Pasta Menorah

Maybe it’s just me, but pasta seems like the obvious choice for constructing anything. I made this pasta menorah for a Jewish friend who had just moved to the Vineyard and mentioned that she didn’t have a menorah for Hanukkah. It’s really easy, it looks great once painted, and the menorah candles fit perfectly. You can keep it simple or make it ornate—the many interesting varieties of pasta lend themselves really well to decoration.


  • one lasagna noodle
  • nine rigatoni
  • other pasta for decoration — bowties, spirals, elbows, etc.
  • glue
  • gold or silver metallic spray paint, paint (optional)


  1. pastaGlue nine rigatonis, evenly spaced, onto a lasagna noodle. NOTE: The rigatoni tend to all be cut a little differently, and some are slanted a little. Try placing them upright on a flat surface before gluing to the base to find the flattest ones. They also tend to be slightly different sizes, so you can graduate your candle holders a little from smaller on the ends to a larger one in the middle or glue two together to make a taller center holder (but you need really flat ones for that). You can use ziti for some of the candle holders, and they will hold birthday candles. But try the candles out first before gluing those noodles on. A lot of them have pinched openings.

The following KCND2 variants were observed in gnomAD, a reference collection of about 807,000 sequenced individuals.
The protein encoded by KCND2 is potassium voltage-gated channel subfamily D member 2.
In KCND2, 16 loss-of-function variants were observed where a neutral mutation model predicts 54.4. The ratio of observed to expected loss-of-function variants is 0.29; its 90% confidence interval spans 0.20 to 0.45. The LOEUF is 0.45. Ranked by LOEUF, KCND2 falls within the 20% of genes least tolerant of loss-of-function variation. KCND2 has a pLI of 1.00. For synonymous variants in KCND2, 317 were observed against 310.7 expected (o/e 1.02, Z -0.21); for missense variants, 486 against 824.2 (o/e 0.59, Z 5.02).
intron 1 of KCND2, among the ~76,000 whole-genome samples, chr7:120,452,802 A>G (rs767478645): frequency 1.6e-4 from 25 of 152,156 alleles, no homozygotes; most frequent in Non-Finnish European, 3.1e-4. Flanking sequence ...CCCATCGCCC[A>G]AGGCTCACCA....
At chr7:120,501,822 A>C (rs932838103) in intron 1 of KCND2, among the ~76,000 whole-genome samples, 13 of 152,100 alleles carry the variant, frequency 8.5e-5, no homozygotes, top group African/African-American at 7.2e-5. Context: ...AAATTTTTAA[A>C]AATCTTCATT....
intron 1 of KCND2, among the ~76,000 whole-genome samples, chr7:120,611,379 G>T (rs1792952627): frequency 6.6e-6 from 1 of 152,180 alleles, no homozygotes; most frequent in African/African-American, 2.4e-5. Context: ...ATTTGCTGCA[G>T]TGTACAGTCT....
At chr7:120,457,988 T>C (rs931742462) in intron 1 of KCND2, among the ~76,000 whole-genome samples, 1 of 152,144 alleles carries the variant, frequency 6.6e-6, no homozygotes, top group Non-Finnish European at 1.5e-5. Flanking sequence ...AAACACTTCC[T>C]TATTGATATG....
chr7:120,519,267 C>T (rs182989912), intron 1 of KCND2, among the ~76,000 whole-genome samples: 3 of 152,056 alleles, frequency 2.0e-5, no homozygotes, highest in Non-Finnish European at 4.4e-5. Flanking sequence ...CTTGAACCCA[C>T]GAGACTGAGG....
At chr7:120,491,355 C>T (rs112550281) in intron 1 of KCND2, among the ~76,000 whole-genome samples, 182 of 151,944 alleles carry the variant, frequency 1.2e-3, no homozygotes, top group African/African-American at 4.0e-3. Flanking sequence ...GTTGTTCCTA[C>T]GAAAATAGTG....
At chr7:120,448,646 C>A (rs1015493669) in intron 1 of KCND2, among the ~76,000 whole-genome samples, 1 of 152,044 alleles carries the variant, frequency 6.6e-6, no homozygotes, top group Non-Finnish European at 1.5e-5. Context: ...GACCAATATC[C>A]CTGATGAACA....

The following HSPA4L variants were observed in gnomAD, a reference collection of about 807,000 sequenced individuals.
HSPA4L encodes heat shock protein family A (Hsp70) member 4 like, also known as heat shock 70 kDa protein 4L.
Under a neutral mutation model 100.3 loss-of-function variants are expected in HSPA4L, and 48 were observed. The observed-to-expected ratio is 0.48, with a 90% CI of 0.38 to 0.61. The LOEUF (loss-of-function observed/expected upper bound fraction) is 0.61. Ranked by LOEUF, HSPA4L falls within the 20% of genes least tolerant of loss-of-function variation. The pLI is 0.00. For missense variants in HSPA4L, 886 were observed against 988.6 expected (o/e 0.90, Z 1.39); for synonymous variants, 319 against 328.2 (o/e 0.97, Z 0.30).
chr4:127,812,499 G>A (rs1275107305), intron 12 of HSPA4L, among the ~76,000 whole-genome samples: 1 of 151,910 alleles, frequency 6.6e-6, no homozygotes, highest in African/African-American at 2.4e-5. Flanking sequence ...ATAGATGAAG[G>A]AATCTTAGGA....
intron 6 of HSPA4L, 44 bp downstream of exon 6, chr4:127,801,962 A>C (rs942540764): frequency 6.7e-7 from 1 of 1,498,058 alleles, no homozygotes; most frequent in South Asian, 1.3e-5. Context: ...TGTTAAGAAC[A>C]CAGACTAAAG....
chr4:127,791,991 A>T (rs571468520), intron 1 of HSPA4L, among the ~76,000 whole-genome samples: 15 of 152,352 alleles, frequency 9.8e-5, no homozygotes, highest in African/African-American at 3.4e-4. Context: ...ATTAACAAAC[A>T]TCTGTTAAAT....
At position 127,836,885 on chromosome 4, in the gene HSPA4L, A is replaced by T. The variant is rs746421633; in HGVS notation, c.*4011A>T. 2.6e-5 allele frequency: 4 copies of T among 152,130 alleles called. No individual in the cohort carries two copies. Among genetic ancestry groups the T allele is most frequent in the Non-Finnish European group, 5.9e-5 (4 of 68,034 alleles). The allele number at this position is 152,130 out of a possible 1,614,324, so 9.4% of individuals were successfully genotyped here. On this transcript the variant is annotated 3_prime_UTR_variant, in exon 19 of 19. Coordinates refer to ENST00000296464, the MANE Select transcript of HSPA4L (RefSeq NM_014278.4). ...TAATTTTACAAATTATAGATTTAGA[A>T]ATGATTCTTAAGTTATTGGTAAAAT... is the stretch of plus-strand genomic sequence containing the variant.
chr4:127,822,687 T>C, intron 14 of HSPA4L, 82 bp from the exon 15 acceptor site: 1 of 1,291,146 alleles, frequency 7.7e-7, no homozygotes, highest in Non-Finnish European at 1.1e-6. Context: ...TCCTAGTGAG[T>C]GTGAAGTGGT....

2. paintedYou can leave the menorah as is or you can decorate. Elbow macaroni works great for making vines. To make crossed rotinis to attach to the center holder, I glued them together first on a flat surface and let them dry before gluing them on to the rigatoni holders.
  3. Paint! If you choose to do so, spray paint outdoors! Make sure an adult is present for this process and follow the directions on the can. Spray paint will dry quickly, but give it at least an hour before bringing your menorah inside. If you paint with regular watercolors, give it a couple hours to dry as well.
  4. Happy Hanukkah!